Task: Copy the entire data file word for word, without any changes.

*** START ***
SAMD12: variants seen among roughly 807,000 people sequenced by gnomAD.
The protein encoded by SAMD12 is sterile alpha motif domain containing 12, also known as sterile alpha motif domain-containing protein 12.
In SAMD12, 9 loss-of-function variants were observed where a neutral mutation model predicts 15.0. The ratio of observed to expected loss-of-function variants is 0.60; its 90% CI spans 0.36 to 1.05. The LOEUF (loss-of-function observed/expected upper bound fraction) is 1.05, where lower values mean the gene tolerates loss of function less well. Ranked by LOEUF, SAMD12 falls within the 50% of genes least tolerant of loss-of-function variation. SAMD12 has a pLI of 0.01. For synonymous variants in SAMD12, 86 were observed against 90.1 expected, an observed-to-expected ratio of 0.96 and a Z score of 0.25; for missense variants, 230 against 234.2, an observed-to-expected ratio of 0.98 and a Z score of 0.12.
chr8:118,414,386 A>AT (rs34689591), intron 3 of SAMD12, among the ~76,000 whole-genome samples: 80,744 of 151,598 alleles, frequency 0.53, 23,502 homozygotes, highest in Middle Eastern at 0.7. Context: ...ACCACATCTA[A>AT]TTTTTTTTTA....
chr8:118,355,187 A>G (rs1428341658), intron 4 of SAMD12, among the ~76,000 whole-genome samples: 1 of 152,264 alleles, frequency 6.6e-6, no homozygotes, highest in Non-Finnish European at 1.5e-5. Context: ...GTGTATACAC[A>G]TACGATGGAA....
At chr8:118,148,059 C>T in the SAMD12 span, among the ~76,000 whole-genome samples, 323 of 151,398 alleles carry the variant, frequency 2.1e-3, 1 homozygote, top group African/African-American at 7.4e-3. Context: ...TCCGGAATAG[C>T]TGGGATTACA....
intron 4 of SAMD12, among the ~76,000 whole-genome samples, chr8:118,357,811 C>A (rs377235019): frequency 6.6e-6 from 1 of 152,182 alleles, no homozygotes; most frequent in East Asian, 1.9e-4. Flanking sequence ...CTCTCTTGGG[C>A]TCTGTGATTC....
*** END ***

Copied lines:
SAMD12: variants seen among roughly 807,000 people sequenced by gnomAD.
The protein encoded by SAMD12 is sterile alpha motif domain containing 12, also known as sterile alpha motif domain-containing protein 12.
In SAMD12, 9 loss-of-function variants were observed where a neutral mutation model predicts 15.0. The ratio of observed to expected loss-of-function variants is 0.60; its 90% CI spans 0.36 to 1.05. The LOEUF (loss-of-function observed/expected upper bound fraction) is 1.05, where lower values mean the gene tolerates loss of function less well. Ranked by LOEUF, SAMD12 falls within the 50% of genes least tolerant of loss-of-function variation. SAMD12 has a pLI of 0.01. For synonymous variants in SAMD12, 86 were observed against 90.1 expected, an observed-to-expected ratio of 0.96 and a Z score of 0.25; for missense variants, 230 against 234.2, an observed-to-expected ratio of 0.98 and a Z score of 0.12.
chr8:118,414,386 A>AT (rs34689591), intron 3 of SAMD12, among the ~76,000 whole-genome samples: 80,744 of 151,598 alleles, frequency 0.53, 23,502 homozygotes, highest in Middle Eastern at 0.7. Context: ...ACCACATCTA[A>AT]TTTTTTTTTA....
chr8:118,355,187 A>G (rs1428341658), intron 4 of SAMD12, among the ~76,000 whole-genome samples: 1 of 152,264 alleles, frequency 6.6e-6, no homozygotes, highest in Non-Finnish European at 1.5e-5. Context: ...GTGTATACAC[A>G]TACGATGGAA....
At chr8:118,148,059 C>T in the SAMD12 span, among the ~76,000 whole-genome samples, 323 of 151,398 alleles carry the variant, frequency 2.1e-3, 1 homozygote, top group African/African-American at 7.4e-3. Context: ...TCCGGAATAG[C>T]TGGGATTACA....
intron 4 of SAMD12, among the ~76,000 whole-genome samples, chr8:118,357,811 C>A (rs377235019): frequency 6.6e-6 from 1 of 152,182 alleles, no homozygotes; most frequent in East Asian, 1.9e-4. Flanking sequence ...CTCTCTTGGG[C>A]TCTGTGATTC....